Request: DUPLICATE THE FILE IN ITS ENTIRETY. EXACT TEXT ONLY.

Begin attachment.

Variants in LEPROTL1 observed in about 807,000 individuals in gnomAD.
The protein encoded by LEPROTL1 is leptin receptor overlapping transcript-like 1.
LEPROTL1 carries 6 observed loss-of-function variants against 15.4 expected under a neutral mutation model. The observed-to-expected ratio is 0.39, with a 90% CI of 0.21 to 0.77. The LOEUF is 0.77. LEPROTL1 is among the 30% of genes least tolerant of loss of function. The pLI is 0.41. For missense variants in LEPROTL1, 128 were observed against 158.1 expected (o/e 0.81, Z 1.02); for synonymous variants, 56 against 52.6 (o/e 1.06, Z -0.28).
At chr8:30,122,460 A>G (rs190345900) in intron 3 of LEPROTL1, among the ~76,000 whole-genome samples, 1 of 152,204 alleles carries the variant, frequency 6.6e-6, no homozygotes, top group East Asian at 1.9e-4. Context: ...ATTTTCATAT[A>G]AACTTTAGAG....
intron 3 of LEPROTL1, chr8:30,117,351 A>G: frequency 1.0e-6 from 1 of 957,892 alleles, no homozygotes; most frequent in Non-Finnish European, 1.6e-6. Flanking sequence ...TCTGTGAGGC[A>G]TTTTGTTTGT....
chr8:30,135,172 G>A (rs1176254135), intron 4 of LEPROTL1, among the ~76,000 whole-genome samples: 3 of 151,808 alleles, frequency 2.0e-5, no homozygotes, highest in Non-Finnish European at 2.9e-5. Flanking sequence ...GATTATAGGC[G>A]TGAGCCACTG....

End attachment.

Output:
Variants in LEPROTL1 observed in about 807,000 individuals in gnomAD.
The protein encoded by LEPROTL1 is leptin receptor overlapping transcript-like 1.
LEPROTL1 carries 6 observed loss-of-function variants against 15.4 expected under a neutral mutation model. The observed-to-expected ratio is 0.39, with a 90% CI of 0.21 to 0.77. The LOEUF is 0.77. LEPROTL1 is among the 30% of genes least tolerant of loss of function. The pLI is 0.41. For missense variants in LEPROTL1, 128 were observed against 158.1 expected (o/e 0.81, Z 1.02); for synonymous variants, 56 against 52.6 (o/e 1.06, Z -0.28).
At chr8:30,122,460 A>G (rs190345900) in intron 3 of LEPROTL1, among the ~76,000 whole-genome samples, 1 of 152,204 alleles carries the variant, frequency 6.6e-6, no homozygotes, top group East Asian at 1.9e-4. Context: ...ATTTTCATAT[A>G]AACTTTAGAG....
intron 3 of LEPROTL1, chr8:30,117,351 A>G: frequency 1.0e-6 from 1 of 957,892 alleles, no homozygotes; most frequent in Non-Finnish European, 1.6e-6. Flanking sequence ...TCTGTGAGGC[A>G]TTTTGTTTGT....
chr8:30,135,172 G>A (rs1176254135), intron 4 of LEPROTL1, among the ~76,000 whole-genome samples: 3 of 151,808 alleles, frequency 2.0e-5, no homozygotes, highest in Non-Finnish European at 2.9e-5. Flanking sequence ...GATTATAGGC[G>A]TGAGCCACTG....